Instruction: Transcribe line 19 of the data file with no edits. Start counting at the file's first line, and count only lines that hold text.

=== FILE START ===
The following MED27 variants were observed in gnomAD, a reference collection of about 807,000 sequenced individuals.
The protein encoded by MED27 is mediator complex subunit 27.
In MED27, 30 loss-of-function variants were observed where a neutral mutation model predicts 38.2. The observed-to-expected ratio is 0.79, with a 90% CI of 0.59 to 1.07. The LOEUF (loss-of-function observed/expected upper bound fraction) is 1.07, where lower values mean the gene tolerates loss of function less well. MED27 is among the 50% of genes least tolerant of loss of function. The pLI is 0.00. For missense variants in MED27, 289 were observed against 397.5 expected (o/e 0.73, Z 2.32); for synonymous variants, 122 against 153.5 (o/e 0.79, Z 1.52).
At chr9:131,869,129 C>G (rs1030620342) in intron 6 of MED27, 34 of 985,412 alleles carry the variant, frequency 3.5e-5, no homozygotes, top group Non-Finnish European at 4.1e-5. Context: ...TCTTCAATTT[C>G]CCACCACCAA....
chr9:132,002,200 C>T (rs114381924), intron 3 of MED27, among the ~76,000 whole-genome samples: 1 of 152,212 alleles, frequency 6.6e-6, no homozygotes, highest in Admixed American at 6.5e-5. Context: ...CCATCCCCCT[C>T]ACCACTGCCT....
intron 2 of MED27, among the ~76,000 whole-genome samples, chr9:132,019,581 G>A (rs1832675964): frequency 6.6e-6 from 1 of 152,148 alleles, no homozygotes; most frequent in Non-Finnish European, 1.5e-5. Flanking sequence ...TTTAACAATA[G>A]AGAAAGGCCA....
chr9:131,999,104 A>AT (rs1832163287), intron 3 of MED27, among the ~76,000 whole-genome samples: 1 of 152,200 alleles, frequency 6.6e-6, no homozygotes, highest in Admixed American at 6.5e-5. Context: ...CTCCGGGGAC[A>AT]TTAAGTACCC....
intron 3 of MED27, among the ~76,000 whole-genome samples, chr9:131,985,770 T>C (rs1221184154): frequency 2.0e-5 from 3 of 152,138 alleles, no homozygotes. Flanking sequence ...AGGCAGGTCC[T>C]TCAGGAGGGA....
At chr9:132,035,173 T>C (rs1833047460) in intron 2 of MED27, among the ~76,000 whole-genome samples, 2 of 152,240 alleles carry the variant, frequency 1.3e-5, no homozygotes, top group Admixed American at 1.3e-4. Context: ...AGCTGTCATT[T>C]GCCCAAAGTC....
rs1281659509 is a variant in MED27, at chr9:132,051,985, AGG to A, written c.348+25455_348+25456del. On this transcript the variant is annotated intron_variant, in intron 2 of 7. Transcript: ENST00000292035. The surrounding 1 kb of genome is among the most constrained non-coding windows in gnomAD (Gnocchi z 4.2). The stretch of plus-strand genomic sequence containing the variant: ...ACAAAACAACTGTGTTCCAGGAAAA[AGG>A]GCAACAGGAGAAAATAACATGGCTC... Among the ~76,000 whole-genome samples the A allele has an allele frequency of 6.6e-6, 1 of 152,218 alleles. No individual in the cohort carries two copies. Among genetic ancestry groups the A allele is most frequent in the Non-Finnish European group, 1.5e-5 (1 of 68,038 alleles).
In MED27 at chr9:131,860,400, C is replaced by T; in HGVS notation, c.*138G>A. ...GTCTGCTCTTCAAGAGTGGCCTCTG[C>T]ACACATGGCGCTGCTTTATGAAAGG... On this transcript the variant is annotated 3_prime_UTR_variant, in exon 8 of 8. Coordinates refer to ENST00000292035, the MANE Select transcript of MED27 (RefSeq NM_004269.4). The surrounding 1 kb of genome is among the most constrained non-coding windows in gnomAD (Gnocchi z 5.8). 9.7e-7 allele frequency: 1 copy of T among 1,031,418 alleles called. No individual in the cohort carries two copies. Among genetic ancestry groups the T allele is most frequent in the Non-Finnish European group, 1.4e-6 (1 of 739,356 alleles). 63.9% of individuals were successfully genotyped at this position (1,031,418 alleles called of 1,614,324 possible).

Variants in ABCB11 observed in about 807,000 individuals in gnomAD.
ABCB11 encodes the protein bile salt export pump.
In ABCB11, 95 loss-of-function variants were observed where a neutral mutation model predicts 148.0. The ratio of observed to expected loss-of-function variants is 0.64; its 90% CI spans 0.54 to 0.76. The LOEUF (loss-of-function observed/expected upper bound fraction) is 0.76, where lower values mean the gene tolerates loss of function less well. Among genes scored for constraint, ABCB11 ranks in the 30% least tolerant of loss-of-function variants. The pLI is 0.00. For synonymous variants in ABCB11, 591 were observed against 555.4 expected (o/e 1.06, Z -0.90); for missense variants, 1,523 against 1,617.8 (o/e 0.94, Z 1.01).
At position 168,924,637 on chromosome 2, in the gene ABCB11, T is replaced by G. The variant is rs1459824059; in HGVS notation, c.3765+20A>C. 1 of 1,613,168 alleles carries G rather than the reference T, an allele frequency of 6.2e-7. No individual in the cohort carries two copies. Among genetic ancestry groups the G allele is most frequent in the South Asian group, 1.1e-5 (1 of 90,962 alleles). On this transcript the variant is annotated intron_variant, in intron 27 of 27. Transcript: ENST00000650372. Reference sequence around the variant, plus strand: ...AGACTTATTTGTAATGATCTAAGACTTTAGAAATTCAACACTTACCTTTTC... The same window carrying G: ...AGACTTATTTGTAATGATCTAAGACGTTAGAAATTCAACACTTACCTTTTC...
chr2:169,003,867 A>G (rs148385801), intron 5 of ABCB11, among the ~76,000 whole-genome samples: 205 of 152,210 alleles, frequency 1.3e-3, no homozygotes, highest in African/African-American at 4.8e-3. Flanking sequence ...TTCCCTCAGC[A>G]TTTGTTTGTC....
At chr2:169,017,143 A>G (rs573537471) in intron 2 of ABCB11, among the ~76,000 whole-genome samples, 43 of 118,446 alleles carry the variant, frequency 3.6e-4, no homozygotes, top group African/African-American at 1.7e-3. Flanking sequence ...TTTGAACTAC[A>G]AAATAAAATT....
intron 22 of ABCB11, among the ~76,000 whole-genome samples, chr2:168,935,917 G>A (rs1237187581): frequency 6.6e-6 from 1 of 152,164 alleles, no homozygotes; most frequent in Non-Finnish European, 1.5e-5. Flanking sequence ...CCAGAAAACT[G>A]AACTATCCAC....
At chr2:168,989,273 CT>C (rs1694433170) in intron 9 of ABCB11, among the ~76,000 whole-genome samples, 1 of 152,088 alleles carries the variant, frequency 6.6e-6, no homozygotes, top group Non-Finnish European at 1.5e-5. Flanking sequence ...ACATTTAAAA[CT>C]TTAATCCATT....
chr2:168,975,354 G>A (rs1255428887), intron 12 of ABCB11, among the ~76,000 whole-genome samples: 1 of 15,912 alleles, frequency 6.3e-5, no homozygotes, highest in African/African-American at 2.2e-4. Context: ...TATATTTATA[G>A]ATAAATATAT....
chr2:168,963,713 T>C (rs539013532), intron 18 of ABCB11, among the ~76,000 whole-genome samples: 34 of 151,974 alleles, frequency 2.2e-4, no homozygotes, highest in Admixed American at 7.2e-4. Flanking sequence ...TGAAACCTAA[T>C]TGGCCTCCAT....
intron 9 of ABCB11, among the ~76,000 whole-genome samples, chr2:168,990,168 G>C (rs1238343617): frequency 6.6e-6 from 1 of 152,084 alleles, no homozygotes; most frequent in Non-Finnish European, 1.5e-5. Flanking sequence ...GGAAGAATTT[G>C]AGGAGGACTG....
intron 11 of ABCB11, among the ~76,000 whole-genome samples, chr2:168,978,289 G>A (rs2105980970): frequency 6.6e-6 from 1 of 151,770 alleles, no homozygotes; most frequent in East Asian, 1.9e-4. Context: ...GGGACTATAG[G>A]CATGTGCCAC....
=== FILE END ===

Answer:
At chr2:168,989,273 CT>C (rs1694433170) in intron 9 of ABCB11, among the ~76,000 whole-genome samples, 1 of 152,088 alleles carries the variant, frequency 6.6e-6, no homozygotes, top group Non-Finnish European at 1.5e-5. Flanking sequence ...ACATTTAAAA[CT>C]TTAATCCATT....